ZhangCuiLiu (2009, 2 schemes up to degree 14)
 XiaoGimbutas (2010, 15 schemes up to degree 15)
 ShunnHam (2012, 6 schemes up to degree 7)
 VioreanuRokhlin (2014, 10 schemes up to degree 13)
 WilliamsShunnJameson (2014, 1 scheme with degree 9)
 WitherdenVincent (2015, 9 schemes up to degree 10)
Example:
val = quadpy.tetrahedron.integrate( lambda x: numpy.exp(x[0]), [[0.0, 0.0, 0.0], [1.0, 0.0, 0.0], [0.5, 0.7, 0.0], [0.3, 0.9, 1.0]], quadpy.tetrahedron.Keast(10) )
Hexahedron
 Product schemes derived from line segment schemes
 via: Stroud (1971):
 Sadowsky (1940, degree 5)
 Tyler (1953, 2 schemes up to degree 5)
 HammerWymore (1957, degree 7)
 AlbrechtCollatz (1958, degree 3)
 HammerStroud (1958, 6 schemes up to degree 7)
 MustardLynessBlatt (1963, 6 schemes up to degree 5)
 Stroud (1967, degree 5)
 SarmaStroud (1969, degree 7)
 all formulas from the ncube
Example:
val = quadpy.hexahedron.integrate( lambda x: numpy.exp(x[0]), quadpy.hexahedron.cube_points([0.0, 1.0], [0.3, 0.4], [1.0, 2.1]), quadpy.hexahedron.Product(quadpy.line_segment.NewtonCotesClosed(3)) )
Pyramid
 Felippa (9 schemes up to degree 5)
Example:
val = quadpy.pyramid.integrate( lambda x: numpy.exp(x[0]), [ [0.0, 0.0, 0.0], [1.0, 0.0, 0.0], [0.5, 0.7, 0.0], [0.3, 0.9, 0.0], [0.0, 0.1, 1.0], ], quadpy.pyramid.Felippa(5) )
Wedge
 Felippa (6 schemes up to degree 6)
Example:
val = quadpy.wedge.integrate( lambda x: numpy.exp(x[0]), [ [[0.0, 0.0, 0.0], [1.0, 0.0, 0.0], [0.5, 0.7, 0.0]], [[0.0, 0.0, 1.0], [1.0, 0.0, 1.0], [0.5, 0.7, 1.0]], ], quadpy.wedge.Felippa(3) )
3D space with weight function exp(r)
 via Stroud (1971):
 StroudSecrest (1963, 5 schemes up to degree 7)
Example:
val = quadpy.e3r.integrate( lambda x: x[0]**2, quadpy.e3r.StroudSecrest('IX') )
3D space with weight function exp(r^{2})
 via Stroud (1971):
 StroudSecrest (1963, 7 schemes up to degree 7)
 scheme of degree 14
Example:
val = quadpy.e3r2.integrate( lambda x: x[0]**2, quadpy.e3r2.StroudSecrest("Xa") )
nSimplex
 via Stroud:
 Lauffer (1955, 5 schemes up to degree 5)
 HammerStroud (1956, 3 schemes up to degree 3)
 Stroud (1964, degree 3)
 Stroud (1966, 7 schemes of degree 3)
 Stroud (1969, degree 5)
 GrundmannMöller (1978, arbitrary degree)
 Walkington (2000, 5 schemes up to degree 7)
Example:
dim = 4 val = quadpy.nsimplex.integrate( lambda x: numpy.exp(x[0]), numpy.array([ [0.0, 0.0, 0.0, 0.0], [1.0, 2.0, 0.0, 0.0], [0.0, 1.0, 0.0, 0.0], [0.0, 3.0, 1.0, 0.0], [0.0, 0.0, 4.0, 1.0], ]), quadpy.nsimplex.GrundmannMoeller(dim, 3) )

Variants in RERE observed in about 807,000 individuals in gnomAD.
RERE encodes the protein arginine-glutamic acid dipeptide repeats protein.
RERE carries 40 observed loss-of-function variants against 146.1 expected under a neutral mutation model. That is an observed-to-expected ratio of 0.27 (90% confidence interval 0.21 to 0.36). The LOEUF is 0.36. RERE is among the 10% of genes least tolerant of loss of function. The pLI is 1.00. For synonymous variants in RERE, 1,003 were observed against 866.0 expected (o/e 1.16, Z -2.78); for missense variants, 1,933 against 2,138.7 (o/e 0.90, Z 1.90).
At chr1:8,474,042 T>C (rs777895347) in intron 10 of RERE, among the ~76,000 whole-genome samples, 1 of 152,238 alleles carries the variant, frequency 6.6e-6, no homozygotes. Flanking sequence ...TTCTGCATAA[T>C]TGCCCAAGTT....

nSphere
Example:
dim = 4 quadpy.nsphere.integrate( lambda x: numpy.exp(x[0]), numpy.zeros(dim), 1.0, quadpy.nsphere.Dobrodeev1978(dim) )
nBall
Example:
dim = 4 quadpy.nball.integrate( lambda x: numpy.exp(x[0]), numpy.zeros(dim), 1.0, quadpy.nball.Dobrodeev1970(dim) )
nCube
 Dobrodeev (1970, n >= 5, degree 7)
 via Stroud (1971):
 Ewing (1941, degree 3)
 Tyler (1953, degree 3)
 Stroud (1957, 2 schemes up to degree 3)
 HammerStroud (1958, degree 5)
 MustardLynessBlatt (1963, degree 5)
 Thacher (1964, degree 2)
 Stroud (1966, 4 schemes of degree 5)
 Phillips (1967, degree 7)
 Stroud (1968, degree 5)
 Dobrodeev (1978, n >= 2, degree 5)
Example:
dim = 4 quadpy.ncube.integrate( lambda x: numpy.exp(x[0]), quadpy.ncube.ncube_points( [0.0, 1.0], [0.1, 0.9], [1.0, 1.0], [1.0, 0.5] ), quadpy.ncube.Stroud(dim, 'Cn 33') )
nD space with weight function exp(r)
 via Stroud (1971):
 StroudSecrest (1963, 4 schemes up to degree 5)
 2 schemes up to degree 5
Example:
dim = 4 val = quadpy.enr.integrate( lambda x: x[0]**2, quadpy.enr.Stroud(dim, '54') )
nD space with weight function exp(r^{2})
 via Stroud (1971):
 StroudSecrest (1963, 4 schemes up to degree 5)
 Stroud (1967, 2 schemes of degree 5)
 Stroud (1967, 3 schemes of degree 7)
 Stenger (1971, 6 schemes up to degree 11, varying dimensionality restrictions)
 5 schemes up to degree 5
Example:
dim = 4 val = quadpy.enr2.integrate( lambda x: x[0]**2, quadpy.enr2.Stroud(dim, '52') )
Extras
Classical schemes
With quadpy, it's easy to regenerate classical Gauss quadrature schemes are listed in, e.g., Stroud & Secrest.
Some examples:
scheme = quadpy.line_segment.GaussLegendre(96, mode='mpmath', decimal_places=30) scheme = quadpy.e1r2.GaussHermite(14, mode='mpmath', decimal_places=20) scheme = quadpy.e1r.GaussLaguerre(13, mode='mpmath', decimal_places=50)
Generating your own Gauss quadrature in three simple steps
You have a measure (or, more colloquially speaking, a domain and a nonnegative weight function) and would like to generate the matching Gauss quadrature? Great, here's how to do it.
As an example, let's try and generate the Gauss quadrature with 10 points for
the weight function x^2
on the interval [1, +1]
.
TLDR: